|Publication number||US5079696 A|
|Application number||US 07/405,543|
|Publication date||Jan 7, 1992|
|Filing date||Sep 11, 1989|
|Priority date||Sep 11, 1989|
|Publication number||07405543, 405543, US 5079696 A, US 5079696A, US-A-5079696, US5079696 A, US5079696A|
|Inventors||Curtis Priem, Chris Malachowsky|
|Original Assignee||Sun Microsystems, Inc.|
|Export Citation||BiBTeX, EndNote, RefMan|
|Patent Citations (3), Referenced by (17), Classifications (5), Legal Events (6)|
|External Links: USPTO, USPTO Assignment, Espacenet|
1. Field of the Invention
This invention relates to computer circuitry and, more particularly, to handshake circuitry at a computer bus interface for connecting asynchronous clocked modules.
2. History of the Prior Art
The typical interface system for transferring information between two computer systems or modules is a synchronous interface system, one in which the two systems are operated by the same clock. Joining the two system is usually a data bus for carrying information, an address bus for carrying addresses, and control lines for accomplishing a so-called "handshake" between the two systems. Normally a write line, a read line, and an acknowledge line are required for transferring signals between the two systems to accomplish the handshake operation.
In the normal synchronous interface where both computer systems are running on the same clock, the computer system wishing to read information from a second system provides a read signal on the read control line during a first clock period. In response to that signal, the second system samples the read line connecting the two systems during a second clock period, finds the data at the address designated and places the data on the data bus during a period defined by the address of the particular data, and finally returns an acknowledge pulse on the acknowledge line to indicate that the data is at the data bus ready to be transferred. Before additional information may be read through the interface system, an additional clock period is necessary to terminate the original read signal, and another clock period to terminate the acknowledge signal.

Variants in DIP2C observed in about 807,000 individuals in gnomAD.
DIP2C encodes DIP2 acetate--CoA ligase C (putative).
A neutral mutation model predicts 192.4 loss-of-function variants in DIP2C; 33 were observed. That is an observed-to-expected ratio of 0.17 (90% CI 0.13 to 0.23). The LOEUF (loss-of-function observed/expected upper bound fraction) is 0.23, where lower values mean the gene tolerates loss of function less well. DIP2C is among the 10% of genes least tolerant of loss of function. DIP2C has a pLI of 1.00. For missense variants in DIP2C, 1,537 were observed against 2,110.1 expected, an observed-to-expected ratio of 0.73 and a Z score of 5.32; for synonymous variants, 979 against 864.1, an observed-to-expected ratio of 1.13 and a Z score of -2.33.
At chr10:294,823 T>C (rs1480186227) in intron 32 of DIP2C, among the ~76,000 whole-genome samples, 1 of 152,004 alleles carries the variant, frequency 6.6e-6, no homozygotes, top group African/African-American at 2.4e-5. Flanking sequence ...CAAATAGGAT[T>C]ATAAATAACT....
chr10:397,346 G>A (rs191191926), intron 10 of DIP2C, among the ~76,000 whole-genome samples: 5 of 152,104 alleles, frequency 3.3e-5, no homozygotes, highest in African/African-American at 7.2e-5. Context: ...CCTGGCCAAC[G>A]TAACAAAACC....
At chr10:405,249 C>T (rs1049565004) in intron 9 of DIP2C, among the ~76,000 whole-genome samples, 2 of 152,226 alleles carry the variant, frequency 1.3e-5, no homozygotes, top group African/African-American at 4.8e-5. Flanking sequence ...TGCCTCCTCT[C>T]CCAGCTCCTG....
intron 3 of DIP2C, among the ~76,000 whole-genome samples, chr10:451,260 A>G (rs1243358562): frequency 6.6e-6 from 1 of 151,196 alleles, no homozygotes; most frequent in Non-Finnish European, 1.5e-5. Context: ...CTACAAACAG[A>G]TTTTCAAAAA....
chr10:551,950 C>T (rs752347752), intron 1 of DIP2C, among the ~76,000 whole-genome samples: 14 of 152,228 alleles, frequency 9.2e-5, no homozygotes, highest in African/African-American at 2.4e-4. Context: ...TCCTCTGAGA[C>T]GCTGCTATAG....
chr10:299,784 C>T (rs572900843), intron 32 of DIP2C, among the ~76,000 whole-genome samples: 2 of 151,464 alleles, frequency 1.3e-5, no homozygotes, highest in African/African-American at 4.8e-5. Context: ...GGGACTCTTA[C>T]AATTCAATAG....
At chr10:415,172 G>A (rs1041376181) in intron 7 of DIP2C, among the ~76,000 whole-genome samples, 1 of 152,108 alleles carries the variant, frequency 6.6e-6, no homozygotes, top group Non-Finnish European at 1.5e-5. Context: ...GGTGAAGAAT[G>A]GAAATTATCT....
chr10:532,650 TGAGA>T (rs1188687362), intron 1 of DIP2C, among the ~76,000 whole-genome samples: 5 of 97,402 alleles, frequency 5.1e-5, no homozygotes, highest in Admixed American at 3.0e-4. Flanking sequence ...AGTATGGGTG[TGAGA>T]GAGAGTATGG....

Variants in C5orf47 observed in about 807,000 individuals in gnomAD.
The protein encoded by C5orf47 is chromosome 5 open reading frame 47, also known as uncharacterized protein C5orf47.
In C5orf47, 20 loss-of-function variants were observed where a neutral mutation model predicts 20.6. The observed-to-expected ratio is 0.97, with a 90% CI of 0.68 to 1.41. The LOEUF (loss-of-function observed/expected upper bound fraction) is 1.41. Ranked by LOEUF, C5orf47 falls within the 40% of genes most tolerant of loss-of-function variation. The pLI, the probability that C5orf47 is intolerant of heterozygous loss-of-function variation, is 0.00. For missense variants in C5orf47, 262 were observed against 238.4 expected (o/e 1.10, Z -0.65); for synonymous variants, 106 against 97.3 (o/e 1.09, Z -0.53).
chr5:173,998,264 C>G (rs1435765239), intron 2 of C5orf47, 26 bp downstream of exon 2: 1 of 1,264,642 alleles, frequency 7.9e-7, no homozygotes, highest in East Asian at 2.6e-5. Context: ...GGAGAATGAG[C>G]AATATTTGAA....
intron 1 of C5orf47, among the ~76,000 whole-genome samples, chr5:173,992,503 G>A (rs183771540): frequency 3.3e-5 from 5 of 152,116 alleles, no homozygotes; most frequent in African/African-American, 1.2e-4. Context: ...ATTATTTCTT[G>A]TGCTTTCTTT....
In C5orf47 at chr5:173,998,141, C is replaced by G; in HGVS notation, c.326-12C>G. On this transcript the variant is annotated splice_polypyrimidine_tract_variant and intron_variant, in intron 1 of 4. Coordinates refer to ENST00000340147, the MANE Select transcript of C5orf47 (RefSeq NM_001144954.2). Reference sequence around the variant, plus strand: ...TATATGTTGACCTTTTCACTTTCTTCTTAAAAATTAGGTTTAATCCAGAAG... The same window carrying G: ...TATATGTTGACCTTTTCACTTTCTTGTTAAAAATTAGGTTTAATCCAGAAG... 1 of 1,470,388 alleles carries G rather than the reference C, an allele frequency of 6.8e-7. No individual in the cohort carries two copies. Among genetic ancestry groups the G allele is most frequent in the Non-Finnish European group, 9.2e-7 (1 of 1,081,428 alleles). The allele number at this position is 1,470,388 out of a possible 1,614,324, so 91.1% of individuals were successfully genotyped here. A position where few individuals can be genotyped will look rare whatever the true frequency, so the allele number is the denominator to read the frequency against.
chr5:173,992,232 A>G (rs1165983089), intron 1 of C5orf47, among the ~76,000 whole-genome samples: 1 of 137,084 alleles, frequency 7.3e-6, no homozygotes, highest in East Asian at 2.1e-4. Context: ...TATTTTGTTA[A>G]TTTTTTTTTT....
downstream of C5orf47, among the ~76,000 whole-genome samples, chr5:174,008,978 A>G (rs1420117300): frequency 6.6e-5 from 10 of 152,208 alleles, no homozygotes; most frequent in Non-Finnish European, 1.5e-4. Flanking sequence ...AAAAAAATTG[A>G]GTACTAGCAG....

Since each of the signals on the handshake lines is driven by the system clock, the read handshake operation in a synchronous system where the same clock controls both systems may require as many as four clock cycles. This does not include the time required to obtain the data from the addressed position which varies depending on the address of the data and on the addressed device.
Where the two systems joined by the bus operate at different clock frequencies, it is necessary that the incoming and outgoing handshake signals be synchronized to each of the two systems as they travel in each direction. Consequently, an incoming read signal must be synchronized to the clock of the receiving system while the outgoing acknowledge system must be synchronized to the clock of the sending system. The normal manner in which this is accomplished by the prior art is to use two stages of flip-flops on each handshake line, each stage being driven by the clock of the system receiving the particular signal. The use of two stages of flip-flops to receive the handshake signals adds at least two additional clock periods to each step of the synchronization in an asynchronous interface of the prior art.